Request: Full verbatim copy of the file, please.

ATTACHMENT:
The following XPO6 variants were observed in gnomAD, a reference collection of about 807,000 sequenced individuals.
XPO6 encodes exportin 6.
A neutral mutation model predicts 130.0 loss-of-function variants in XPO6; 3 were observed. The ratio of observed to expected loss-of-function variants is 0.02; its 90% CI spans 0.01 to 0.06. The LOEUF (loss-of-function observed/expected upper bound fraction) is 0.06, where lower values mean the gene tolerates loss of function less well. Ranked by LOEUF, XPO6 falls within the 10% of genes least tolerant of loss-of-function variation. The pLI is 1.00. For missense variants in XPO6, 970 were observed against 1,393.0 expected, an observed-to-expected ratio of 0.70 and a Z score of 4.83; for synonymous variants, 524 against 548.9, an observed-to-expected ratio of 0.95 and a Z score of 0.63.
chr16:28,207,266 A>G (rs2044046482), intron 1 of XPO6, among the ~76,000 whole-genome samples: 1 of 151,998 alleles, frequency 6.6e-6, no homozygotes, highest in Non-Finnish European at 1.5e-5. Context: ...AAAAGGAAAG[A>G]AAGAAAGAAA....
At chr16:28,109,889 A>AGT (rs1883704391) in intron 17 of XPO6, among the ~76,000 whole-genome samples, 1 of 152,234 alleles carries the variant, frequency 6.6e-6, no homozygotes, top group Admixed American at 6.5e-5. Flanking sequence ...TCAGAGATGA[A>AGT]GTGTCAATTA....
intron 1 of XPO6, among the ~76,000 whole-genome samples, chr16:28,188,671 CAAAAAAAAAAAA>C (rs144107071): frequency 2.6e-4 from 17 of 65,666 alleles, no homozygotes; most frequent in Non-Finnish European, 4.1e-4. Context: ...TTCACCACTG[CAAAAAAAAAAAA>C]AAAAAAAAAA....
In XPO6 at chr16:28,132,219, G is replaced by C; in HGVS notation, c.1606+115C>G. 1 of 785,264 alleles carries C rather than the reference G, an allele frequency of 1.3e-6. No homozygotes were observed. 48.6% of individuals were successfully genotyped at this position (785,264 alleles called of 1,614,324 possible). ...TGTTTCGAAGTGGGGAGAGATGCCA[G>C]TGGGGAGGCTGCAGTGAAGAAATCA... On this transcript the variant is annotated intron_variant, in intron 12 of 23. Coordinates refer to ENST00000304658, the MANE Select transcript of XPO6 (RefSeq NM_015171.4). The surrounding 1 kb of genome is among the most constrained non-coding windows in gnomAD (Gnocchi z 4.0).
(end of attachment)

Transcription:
The following XPO6 variants were observed in gnomAD, a reference collection of about 807,000 sequenced individuals.
XPO6 encodes exportin 6.
A neutral mutation model predicts 130.0 loss-of-function variants in XPO6; 3 were observed. The ratio of observed to expected loss-of-function variants is 0.02; its 90% CI spans 0.01 to 0.06. The LOEUF (loss-of-function observed/expected upper bound fraction) is 0.06, where lower values mean the gene tolerates loss of function less well. Ranked by LOEUF, XPO6 falls within the 10% of genes least tolerant of loss-of-function variation. The pLI is 1.00. For missense variants in XPO6, 970 were observed against 1,393.0 expected, an observed-to-expected ratio of 0.70 and a Z score of 4.83; for synonymous variants, 524 against 548.9, an observed-to-expected ratio of 0.95 and a Z score of 0.63.
chr16:28,207,266 A>G (rs2044046482), intron 1 of XPO6, among the ~76,000 whole-genome samples: 1 of 151,998 alleles, frequency 6.6e-6, no homozygotes, highest in Non-Finnish European at 1.5e-5. Context: ...AAAAGGAAAG[A>G]AAGAAAGAAA....
At chr16:28,109,889 A>AGT (rs1883704391) in intron 17 of XPO6, among the ~76,000 whole-genome samples, 1 of 152,234 alleles carries the variant, frequency 6.6e-6, no homozygotes, top group Admixed American at 6.5e-5. Flanking sequence ...TCAGAGATGA[A>AGT]GTGTCAATTA....
intron 1 of XPO6, among the ~76,000 whole-genome samples, chr16:28,188,671 CAAAAAAAAAAAA>C (rs144107071): frequency 2.6e-4 from 17 of 65,666 alleles, no homozygotes; most frequent in Non-Finnish European, 4.1e-4. Context: ...TTCACCACTG[CAAAAAAAAAAAA>C]AAAAAAAAAA....
In XPO6 at chr16:28,132,219, G is replaced by C; in HGVS notation, c.1606+115C>G. 1 of 785,264 alleles carries C rather than the reference G, an allele frequency of 1.3e-6. No homozygotes were observed. 48.6% of individuals were successfully genotyped at this position (785,264 alleles called of 1,614,324 possible). ...TGTTTCGAAGTGGGGAGAGATGCCA[G>C]TGGGGAGGCTGCAGTGAAGAAATCA... On this transcript the variant is annotated intron_variant, in intron 12 of 23. Coordinates refer to ENST00000304658, the MANE Select transcript of XPO6 (RefSeq NM_015171.4). The surrounding 1 kb of genome is among the most constrained non-coding windows in gnomAD (Gnocchi z 4.0).